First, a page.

Goodenough Gismo

  • Gismo39
    This is the classic children's book, Goodenough Gismo, by Richmond I. Kelsey, published in 1948. Nearly unavailable in libraries and the collector's market, it is posted here with love as an "orphan work" so that it may be seen and appreciated -- and perhaps even republished, as it deserves to be. After you read this book, it won't surprise you to learn that Richmond Irwin Kelsey (1905-1987) was an accomplished artist, or that as Dick Kelsey, he was one of the great Disney art directors, breaking your heart with "Pinocchio," "Dumbo," and "Bambi."



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Comments

Peter Hoh

I love these little stories. Thanks!

amba

If I had labels, or categories, this one might be "Fun With Dementia."

Randy (Internet Ronin)

If she rings back, I assume that you'll let us know.

Randy (Internet Ronin)

If she rings back, I assume that you'll let us know.

Theo Boehm

Not to creep you out, but the first thing I thought of is the Twilight Zone episode "Long Distance Call"—you know, the one where the little boy is talking to his dead grandmother on the toy phone.  The moment that really got me is when Mom grabs the toy phone and hears grandma.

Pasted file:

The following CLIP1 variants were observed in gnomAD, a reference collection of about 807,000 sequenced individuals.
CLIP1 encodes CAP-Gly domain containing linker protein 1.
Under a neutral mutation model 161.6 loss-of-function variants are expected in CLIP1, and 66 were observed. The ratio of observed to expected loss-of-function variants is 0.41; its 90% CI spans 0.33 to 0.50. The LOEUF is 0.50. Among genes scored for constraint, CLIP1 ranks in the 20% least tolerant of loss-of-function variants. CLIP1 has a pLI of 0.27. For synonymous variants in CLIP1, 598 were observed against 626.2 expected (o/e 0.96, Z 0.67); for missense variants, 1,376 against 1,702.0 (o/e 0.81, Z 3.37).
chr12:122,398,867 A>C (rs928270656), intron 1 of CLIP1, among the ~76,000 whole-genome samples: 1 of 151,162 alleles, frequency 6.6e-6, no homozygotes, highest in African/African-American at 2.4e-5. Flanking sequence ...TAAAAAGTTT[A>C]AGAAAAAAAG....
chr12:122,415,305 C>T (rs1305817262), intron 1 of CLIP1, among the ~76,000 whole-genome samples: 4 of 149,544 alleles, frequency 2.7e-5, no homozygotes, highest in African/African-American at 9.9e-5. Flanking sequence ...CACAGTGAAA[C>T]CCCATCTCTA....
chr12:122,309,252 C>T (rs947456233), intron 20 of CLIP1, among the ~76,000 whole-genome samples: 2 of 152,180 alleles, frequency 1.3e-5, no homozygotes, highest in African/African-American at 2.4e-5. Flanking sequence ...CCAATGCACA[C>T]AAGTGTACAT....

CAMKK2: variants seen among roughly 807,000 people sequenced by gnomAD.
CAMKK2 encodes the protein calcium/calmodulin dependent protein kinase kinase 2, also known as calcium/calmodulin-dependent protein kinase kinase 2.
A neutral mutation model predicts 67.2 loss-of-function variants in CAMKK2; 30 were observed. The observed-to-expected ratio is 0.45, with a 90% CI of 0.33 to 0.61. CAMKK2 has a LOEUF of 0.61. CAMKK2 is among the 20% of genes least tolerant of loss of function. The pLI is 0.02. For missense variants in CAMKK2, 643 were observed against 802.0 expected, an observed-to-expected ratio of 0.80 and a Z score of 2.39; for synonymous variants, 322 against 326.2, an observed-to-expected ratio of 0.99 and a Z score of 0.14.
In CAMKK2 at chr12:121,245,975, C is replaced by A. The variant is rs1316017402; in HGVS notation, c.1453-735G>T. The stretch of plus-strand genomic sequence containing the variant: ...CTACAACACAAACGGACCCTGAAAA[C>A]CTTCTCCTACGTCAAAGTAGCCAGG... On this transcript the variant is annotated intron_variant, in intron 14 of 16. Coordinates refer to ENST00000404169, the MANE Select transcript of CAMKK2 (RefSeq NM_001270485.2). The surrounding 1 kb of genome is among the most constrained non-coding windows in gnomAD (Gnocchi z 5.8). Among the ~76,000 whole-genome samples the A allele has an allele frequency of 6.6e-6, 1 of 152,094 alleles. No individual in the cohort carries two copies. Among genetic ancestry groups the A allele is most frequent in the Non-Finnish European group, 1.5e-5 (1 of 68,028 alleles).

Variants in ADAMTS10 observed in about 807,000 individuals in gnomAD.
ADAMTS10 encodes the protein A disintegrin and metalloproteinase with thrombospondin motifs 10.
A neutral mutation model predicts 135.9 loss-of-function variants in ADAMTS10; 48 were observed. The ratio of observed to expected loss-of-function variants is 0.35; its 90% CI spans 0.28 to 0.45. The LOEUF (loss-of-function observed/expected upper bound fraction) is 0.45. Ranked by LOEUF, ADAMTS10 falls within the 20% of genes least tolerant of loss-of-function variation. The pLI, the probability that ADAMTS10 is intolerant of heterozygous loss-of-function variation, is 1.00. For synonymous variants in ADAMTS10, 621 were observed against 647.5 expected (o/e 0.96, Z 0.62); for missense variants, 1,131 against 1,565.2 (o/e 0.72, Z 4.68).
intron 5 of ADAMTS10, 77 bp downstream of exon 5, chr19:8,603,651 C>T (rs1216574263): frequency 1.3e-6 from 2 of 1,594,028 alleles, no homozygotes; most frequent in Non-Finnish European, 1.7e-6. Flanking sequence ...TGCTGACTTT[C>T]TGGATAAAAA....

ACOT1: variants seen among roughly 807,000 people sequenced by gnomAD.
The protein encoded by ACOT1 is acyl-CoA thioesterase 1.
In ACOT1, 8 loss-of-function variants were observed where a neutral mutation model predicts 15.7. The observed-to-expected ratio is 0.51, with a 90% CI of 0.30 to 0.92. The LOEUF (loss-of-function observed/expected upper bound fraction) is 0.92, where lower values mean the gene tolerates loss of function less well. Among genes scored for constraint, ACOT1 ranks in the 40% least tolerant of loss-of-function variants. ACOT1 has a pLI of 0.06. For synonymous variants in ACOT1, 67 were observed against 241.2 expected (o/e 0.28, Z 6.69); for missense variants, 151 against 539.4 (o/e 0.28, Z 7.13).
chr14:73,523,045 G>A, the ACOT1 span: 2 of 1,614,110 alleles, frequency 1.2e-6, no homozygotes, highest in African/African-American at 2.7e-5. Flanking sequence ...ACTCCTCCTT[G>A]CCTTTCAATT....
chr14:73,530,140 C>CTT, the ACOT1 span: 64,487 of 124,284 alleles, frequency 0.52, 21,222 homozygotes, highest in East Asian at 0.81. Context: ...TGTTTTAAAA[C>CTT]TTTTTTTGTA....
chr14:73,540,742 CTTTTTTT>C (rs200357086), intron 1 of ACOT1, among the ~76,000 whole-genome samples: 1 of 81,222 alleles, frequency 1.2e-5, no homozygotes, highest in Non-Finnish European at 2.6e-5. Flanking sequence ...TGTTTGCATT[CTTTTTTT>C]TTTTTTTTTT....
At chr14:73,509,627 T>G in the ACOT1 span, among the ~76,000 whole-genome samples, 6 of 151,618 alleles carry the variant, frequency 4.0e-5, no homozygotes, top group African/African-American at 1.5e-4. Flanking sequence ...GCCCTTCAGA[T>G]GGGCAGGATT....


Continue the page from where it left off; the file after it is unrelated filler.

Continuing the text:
Anyway, like most Twilight Zones, it has a hopeful ending.  It also has a rather classical view of death, not as an end but as the Other Side.  It's an obvious variant of the Orpheus story:  Instead of persuading the gods to allow a live person to try to bring back a dead one to rejoin him in the land of the living, this show has live people persuading someone dead to not take a live child with her to her world.  And, in this case, everyone presumably lives (or is dead) happily ever after.  No phone bills, either.

Most endings of Orpheus stories are a lot messier, with the Maenads tearing him to pieces during a Bacchic orgy.

Imagine that on 1961 television.

Theo Boehm

Pardon the correction, but I should have said, "...hopeful or at least ambiguous ending. We are often left hanging or unresolved, but complete tragedy is the least preferred conclusion."

Damn cut and paste. Sorry.

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